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March 13, 2024, 11:45 
source term units in icoFoam

#1 
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Divyaprakash
Join Date: Jun 2014
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I have added a source term (body force), F, in openfoam icofoam solver.
Code:
// Momentum predictor fvVectorMatrix UEqn ( fvm::ddt(U) + fvm::div(phi, U)  fvm::laplacian(nu, U) + F ); Does that mean that the force I need to add to the source should be divided by the volume and the density. However density isn't mentioned in the icoFoam solver. I think I have stumbled upon something trivial which I am unable to understand. Please guide me. 

March 14, 2024, 05:12 

#2 
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That's an interesting question.
The body force in the momentum equation is an intensive quantity, so it is always devided by the volume. If your F is a gravity like force, then you just need to put the acceleration. If the force applied on your flow is expressed in Newton, then you need to divide by the total volume of your domain (which is closed volume I suppose), and divide by the density which you fix according to your physical problem. Of course density is constant in all your domain. It's true that icoFoam doesn't mention the density as it solves the incompressible form of the mementum equation, but you should be aware of it if you try to simulate a dimentioned physical problem. Keep in mind that the p in icoFoam a specific pressure (pressure/density) and you always need to know the density if you want to get dimentioned quantities during postprocessing.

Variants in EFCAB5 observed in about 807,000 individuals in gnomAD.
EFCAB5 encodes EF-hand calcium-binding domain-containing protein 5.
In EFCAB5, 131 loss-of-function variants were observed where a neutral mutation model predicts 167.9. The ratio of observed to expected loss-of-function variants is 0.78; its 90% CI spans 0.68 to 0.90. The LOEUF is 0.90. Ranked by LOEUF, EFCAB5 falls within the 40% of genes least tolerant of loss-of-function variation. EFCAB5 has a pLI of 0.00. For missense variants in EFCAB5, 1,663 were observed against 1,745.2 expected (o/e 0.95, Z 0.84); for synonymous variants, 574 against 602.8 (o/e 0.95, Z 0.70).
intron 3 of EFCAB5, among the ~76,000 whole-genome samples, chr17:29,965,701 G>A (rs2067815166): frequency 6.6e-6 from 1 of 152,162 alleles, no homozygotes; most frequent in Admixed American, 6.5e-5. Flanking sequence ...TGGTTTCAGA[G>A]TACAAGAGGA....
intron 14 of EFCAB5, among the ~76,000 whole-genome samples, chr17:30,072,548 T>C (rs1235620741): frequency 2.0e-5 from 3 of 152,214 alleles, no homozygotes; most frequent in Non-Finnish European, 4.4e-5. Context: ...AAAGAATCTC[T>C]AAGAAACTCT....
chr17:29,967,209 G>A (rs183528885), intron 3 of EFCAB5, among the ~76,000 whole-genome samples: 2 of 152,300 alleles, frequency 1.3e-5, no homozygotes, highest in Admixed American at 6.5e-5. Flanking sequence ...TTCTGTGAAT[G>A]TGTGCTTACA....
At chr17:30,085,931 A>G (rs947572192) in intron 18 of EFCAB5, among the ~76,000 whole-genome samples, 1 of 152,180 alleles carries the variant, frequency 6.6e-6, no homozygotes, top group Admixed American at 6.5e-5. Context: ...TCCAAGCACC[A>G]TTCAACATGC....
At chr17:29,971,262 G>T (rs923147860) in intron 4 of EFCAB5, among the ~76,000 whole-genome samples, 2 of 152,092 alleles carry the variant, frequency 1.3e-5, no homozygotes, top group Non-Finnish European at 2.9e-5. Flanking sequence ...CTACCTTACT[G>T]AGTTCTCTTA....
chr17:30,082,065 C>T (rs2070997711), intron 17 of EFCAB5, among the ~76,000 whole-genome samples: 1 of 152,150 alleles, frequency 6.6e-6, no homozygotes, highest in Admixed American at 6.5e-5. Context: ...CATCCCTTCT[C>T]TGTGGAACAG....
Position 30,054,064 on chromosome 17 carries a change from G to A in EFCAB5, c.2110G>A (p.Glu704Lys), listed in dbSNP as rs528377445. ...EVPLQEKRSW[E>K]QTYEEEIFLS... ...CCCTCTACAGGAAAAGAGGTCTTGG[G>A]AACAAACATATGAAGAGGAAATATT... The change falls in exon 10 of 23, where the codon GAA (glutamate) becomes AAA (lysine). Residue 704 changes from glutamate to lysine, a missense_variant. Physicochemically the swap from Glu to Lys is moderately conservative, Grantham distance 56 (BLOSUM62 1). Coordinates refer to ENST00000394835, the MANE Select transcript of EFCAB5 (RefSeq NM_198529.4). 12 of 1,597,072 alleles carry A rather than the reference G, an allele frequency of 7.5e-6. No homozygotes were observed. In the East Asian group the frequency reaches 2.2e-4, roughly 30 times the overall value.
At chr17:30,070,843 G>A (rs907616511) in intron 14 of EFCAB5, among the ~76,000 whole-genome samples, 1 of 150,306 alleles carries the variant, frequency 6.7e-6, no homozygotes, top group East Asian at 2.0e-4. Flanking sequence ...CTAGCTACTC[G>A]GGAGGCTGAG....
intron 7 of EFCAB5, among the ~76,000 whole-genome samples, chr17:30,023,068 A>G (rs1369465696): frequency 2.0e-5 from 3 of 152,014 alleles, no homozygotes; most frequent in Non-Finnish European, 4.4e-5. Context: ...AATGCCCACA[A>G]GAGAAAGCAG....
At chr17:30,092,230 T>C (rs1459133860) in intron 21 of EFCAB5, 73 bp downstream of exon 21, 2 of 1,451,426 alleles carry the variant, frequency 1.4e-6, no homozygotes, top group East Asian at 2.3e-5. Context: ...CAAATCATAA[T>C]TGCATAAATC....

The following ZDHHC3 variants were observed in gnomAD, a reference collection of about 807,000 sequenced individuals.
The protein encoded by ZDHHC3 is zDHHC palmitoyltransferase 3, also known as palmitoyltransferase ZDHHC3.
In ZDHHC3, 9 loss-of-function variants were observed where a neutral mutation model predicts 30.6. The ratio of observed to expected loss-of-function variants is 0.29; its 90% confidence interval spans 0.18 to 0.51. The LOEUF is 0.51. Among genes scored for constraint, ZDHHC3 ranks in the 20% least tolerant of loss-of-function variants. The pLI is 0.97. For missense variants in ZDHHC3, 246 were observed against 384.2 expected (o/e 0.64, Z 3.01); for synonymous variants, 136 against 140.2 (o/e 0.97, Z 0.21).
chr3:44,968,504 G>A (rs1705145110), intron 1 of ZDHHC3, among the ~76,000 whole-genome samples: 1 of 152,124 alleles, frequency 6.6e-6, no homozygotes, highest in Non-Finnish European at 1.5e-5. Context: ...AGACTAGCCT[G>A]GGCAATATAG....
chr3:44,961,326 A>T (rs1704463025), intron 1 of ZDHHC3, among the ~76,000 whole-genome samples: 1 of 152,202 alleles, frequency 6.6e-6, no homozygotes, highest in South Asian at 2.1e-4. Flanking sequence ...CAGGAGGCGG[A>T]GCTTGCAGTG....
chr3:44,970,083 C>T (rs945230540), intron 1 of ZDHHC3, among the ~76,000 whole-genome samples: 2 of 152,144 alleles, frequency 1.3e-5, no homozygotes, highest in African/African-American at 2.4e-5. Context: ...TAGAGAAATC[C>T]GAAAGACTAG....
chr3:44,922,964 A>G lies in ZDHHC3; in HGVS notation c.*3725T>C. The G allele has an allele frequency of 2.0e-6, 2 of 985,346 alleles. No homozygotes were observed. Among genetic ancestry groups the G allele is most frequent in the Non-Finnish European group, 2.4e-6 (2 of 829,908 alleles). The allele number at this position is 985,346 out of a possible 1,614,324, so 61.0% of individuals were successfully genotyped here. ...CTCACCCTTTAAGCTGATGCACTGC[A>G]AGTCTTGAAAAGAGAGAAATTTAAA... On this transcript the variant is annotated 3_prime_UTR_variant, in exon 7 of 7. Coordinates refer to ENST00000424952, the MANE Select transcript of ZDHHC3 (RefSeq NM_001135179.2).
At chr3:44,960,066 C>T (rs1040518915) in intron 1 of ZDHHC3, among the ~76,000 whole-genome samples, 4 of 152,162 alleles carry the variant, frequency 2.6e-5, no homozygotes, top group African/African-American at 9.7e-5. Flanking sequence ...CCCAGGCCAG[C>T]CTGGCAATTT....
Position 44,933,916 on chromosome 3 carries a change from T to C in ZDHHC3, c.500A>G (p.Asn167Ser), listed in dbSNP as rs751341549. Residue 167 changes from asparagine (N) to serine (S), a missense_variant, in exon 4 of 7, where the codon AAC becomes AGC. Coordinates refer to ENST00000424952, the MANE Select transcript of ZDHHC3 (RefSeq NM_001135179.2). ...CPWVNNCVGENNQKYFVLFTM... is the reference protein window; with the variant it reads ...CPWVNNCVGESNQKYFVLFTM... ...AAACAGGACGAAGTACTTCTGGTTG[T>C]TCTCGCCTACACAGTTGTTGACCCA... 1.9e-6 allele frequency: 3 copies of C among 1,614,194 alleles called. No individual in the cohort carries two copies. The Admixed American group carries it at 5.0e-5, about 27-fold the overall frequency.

March 14, 2024, 05:46 

#3 
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In the incompressible solvers, like icoFoam, the momentum equation is divided through by (the constant) density ... and so pressure is kinematic and has units of (Pa)/(kg/m3) = (kg/m.s2)/(kg/m3) = (m2/s2), and the flux phi is a volume flux rather than a mass flux. You can see this from the file headers in the 0 time folder of an icoFoam case ... check the dimensions. The pressure gradient term therefore has dimensions m/s2, as you point out.
Now turn to the discretised momentum equation  remember that this is integrated over each cell, and so each term in the discretised incompressible momentum equation has dimensions of m4/s. You can visualise this as Q.U where Q is the volume flow rate and U is the velocity added to that flow rate (ordinarily this would be mdot.U, for nonincompressible solvers). Coming back to your question, with your approach and icoFoam, yes your source needs to be kinematic, ie divide through by density as per chemak's reply. No, you don't need to divide through by the cell volume ... although if you are applying a force spread over a number of cells, then it makes sense to calculate the specific value and then calculate the value for each cell based on its volume. 

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